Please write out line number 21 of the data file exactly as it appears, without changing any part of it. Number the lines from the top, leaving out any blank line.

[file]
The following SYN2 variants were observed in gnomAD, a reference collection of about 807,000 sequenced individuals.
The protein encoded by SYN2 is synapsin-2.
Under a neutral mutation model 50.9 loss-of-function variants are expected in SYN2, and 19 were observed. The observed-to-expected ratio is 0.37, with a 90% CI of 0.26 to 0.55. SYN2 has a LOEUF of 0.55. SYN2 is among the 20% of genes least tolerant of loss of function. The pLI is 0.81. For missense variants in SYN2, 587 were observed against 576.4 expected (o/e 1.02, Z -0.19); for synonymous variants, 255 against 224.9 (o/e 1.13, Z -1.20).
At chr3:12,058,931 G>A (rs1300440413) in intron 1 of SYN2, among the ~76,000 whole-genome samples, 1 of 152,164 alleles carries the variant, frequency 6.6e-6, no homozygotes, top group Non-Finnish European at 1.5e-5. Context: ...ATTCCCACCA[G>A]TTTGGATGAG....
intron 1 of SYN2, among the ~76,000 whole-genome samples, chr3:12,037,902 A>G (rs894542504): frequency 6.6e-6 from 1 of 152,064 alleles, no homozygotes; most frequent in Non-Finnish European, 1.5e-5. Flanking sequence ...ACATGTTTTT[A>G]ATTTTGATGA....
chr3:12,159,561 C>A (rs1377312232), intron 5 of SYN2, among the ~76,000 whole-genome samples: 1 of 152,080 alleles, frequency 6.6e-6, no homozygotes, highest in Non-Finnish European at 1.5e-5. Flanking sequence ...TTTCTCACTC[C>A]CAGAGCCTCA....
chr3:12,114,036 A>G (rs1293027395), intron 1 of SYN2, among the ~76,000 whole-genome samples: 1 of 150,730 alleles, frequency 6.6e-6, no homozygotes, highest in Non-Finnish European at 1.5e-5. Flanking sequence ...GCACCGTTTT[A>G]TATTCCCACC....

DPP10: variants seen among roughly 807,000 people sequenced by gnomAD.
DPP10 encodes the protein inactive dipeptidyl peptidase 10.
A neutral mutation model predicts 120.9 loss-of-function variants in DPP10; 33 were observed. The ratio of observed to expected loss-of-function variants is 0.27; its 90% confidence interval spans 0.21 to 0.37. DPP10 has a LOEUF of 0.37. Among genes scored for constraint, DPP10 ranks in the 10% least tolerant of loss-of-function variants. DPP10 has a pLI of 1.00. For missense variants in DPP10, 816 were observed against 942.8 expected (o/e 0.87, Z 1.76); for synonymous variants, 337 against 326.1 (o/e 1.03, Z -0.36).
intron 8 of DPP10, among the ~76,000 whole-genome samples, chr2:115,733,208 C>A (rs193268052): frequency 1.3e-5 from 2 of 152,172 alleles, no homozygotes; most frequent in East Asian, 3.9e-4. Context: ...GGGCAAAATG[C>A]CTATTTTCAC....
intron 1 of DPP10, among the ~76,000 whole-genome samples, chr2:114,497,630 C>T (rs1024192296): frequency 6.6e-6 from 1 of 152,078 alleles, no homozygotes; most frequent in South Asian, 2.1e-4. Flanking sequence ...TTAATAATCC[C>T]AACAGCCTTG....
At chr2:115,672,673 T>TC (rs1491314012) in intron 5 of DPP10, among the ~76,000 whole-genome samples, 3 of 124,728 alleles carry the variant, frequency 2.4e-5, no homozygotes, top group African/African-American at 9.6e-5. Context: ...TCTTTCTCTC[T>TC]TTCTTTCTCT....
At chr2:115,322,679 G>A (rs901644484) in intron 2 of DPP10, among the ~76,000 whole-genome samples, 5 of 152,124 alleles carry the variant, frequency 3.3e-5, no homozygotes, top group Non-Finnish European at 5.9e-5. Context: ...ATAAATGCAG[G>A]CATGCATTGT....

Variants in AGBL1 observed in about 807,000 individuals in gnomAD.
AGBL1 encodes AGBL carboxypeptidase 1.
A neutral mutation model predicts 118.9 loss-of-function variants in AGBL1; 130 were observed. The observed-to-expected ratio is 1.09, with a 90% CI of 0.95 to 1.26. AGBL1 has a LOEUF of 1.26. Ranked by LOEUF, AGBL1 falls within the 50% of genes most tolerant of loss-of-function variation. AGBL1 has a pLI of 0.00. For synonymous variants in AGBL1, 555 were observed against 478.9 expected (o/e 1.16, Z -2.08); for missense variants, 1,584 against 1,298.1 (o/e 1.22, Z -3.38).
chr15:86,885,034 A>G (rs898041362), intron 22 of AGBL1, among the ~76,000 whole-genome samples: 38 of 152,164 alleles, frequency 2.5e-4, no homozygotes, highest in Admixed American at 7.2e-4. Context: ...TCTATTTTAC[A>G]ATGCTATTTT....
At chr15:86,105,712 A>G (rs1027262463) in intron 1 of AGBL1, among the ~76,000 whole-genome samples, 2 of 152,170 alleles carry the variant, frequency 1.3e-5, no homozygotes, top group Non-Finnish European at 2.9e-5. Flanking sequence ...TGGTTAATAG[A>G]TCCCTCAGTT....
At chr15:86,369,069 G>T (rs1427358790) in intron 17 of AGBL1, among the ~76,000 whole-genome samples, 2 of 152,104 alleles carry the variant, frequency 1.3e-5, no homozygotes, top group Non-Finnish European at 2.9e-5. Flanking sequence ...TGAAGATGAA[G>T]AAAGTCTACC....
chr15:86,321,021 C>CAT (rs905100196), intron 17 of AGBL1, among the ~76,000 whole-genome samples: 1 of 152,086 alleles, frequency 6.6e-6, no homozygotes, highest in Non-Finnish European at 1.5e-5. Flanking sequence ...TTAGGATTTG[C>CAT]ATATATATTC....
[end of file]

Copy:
chr15:86,321,021 C>CAT (rs905100196), intron 17 of AGBL1, among the ~76,000 whole-genome samples: 1 of 152,086 alleles, frequency 6.6e-6, no homozygotes, highest in Non-Finnish European at 1.5e-5. Flanking sequence ...TTAGGATTTG[C>CAT]ATATATATTC....